In the NHL, a player can receive a two-minute penalty for diving or embellishment. Hoping not to embellish anyone, I’ll take a deep dive into the possible free agents who might still be available in your league who may not be receiving much attention.
Once upon a time, Casey Mittelstadt was the 8th overall pick of the Buffalo Sabres in 2017. But his best season to date was 2018-19, when he scored 12 goals and 25 points in 77 games. Well, at least back then, he was receiving playing time. He hasn’t even been getting that lately. He only appeared in 31 games last season and two so far this season, in and out of the taxi squad. He’s become an afterthought in the Sabres rebuilding plan. Jack Eichel, Taylor Hall, and Sam Reinhart seem to be leading the way, with prospects Dylan Cozens and Jack Quinn not very far behind. Where’s Mittelstadt? A high draft pick bust for a poor team? Who should pick him up as a free agent at this point? You should.
There’s still plenty of opportunity for Mittelstadt this season on a team like the Sabres. After all, we’re talking about a team currently centered by Curtis Lazar and Cody Eakin on two lines and Kyle Okposo on one of their power-play units. The Sabres have only scored 32 goals so far this season in 13 games. Certainly, there’s a chance for a center with Mittelstadt’s pedigree to carve out some playing time within that scenario. When he does get some playing time, he’ll have something to prove. If you look at the scouting reports at the time of the 2017 draft touting his elite speed and puck skills, you’ll conclude that this talent must be realized sooner or later.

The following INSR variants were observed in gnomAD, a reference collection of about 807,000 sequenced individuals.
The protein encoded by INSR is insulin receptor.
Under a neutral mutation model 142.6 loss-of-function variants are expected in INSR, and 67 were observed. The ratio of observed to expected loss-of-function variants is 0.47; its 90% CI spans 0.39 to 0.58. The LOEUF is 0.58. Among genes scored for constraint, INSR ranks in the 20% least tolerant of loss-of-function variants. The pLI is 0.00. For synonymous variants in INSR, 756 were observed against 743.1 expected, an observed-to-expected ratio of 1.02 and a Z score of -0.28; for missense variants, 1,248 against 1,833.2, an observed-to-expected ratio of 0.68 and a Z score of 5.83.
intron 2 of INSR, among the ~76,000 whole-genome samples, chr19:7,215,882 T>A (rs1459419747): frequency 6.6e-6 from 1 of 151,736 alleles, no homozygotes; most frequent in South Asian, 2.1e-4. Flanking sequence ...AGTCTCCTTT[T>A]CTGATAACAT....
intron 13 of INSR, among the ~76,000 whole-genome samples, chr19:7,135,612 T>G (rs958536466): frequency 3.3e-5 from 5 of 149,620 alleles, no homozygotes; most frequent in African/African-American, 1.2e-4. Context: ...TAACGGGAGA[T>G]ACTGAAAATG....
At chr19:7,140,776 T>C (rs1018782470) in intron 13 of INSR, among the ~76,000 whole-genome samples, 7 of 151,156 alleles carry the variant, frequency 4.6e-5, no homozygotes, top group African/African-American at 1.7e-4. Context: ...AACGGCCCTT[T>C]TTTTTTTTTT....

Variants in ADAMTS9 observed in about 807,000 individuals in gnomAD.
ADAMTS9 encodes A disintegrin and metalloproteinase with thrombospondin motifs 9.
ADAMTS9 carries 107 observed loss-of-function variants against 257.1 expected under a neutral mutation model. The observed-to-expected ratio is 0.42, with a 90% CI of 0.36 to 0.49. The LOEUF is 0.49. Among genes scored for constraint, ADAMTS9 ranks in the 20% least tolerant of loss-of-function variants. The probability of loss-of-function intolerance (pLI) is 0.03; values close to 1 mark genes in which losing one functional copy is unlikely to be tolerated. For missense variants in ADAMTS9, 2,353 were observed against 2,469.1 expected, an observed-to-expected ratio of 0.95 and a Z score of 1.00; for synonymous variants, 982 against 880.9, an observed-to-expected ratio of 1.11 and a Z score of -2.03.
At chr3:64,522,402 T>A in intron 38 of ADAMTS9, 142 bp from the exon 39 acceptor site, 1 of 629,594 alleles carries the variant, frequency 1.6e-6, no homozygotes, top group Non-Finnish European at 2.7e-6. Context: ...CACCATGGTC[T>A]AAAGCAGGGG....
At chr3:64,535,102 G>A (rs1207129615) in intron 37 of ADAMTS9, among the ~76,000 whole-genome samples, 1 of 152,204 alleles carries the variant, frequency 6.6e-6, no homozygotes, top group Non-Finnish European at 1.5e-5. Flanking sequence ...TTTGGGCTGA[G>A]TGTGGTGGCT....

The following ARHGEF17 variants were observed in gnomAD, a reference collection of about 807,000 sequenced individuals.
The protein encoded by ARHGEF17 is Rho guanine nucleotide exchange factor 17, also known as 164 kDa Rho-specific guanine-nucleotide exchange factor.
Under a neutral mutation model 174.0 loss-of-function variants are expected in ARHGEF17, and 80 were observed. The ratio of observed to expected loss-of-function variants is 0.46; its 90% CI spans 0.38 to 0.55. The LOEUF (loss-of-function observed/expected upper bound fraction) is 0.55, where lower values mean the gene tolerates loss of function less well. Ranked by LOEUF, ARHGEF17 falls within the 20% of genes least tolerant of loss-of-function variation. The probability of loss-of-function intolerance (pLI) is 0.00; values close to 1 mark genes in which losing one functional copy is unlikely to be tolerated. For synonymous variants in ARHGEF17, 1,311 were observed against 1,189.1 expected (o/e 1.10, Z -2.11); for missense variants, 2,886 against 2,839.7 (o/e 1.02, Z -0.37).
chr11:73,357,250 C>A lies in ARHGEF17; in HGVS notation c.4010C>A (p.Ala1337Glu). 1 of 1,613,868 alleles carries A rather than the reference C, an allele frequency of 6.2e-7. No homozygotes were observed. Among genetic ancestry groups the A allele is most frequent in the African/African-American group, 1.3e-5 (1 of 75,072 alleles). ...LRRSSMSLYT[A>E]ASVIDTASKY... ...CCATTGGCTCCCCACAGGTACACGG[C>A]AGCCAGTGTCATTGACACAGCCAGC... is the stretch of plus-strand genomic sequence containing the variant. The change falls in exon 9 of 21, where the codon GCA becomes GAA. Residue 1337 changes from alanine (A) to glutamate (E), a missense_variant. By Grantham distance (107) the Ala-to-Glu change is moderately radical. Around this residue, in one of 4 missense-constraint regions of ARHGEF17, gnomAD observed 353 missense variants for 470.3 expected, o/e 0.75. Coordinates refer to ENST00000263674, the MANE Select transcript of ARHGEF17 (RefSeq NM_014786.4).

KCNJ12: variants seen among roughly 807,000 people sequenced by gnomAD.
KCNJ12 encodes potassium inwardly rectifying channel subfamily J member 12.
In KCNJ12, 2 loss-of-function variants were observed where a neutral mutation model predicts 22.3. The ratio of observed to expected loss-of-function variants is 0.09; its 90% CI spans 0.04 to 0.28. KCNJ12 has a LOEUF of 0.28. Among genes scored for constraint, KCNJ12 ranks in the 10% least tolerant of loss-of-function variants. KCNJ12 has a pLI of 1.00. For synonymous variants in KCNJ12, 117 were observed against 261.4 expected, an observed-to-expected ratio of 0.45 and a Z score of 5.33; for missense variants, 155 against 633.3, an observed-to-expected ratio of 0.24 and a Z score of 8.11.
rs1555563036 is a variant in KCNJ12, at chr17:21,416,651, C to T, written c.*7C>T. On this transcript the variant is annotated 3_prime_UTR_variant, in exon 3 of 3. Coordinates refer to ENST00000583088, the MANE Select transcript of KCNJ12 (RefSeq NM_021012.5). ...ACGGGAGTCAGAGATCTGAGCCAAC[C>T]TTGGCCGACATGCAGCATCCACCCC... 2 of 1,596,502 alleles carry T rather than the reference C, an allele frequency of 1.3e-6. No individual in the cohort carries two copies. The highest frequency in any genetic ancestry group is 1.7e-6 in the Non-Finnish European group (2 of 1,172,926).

From someone with a high pedigree trying to get a chance with a low-scoring rebuilding team, let’s turn our attention to a less-heralded center getting some unexpected playing time for a high-scoring team surprisingly holding down the second-best record in the NHL. The Florida Panthers are cruising with 55 goals in 15 games so far this season. You’re going to benefit if you can grab anyone off this scoring machine. Eetu Luostarinen from Finland was a 2nd round draft pick of the Carolina Hurricanes in 2017. Traded to the Panthers as part of the Vincent Trocheck trade, he finds himself centering the third line in this prolific offense. He’s not on either of their power-play units, but look closely at his statistics, and you can overlook that. Anytime you have a player on your fantasy team who can get you points without the benefit of scoring a goal or an assist, you have an asset no matter when and where he plays. Luostarinen has recently had four games in which he did not score a point but compiled 7.5 fantasy points. Not a whole lot, but sneaky production like that adds up. His face-off wins, hits, blocks, and shots on goal add up. And the potential for increased goals and assists certainly exists on this team. It’s just this sort of sneaky production that not everyone in your league may be taking notice of, as witnessed by his 14% ownership.
In the 2019-20 season, Andreas Johnsson of the Maple Leafs fell out of favor with new coach Sheldon Keefe. He was an underperformer despite being surrounded by high-scoring, highly-paid, highly-publicized teammates. Great things were expected of Johnsson, but he only scored 8 goals and 21 points in 73 games. When the Devils acquired Johnsson for Joey Anderson last October, he received a new lease on life. After a two-week hiatus due to COVID protocols, Johnsson suddenly finds himself on the Devils’ top line with superstar sophomore Jack Hughes and Jesper Bratt, as well as holding a second unit power play assignment. He once again finds himself surrounded by some talented teammates but now with lower expectations than in Toronto. Look for Johnsson to thrive in this new environment.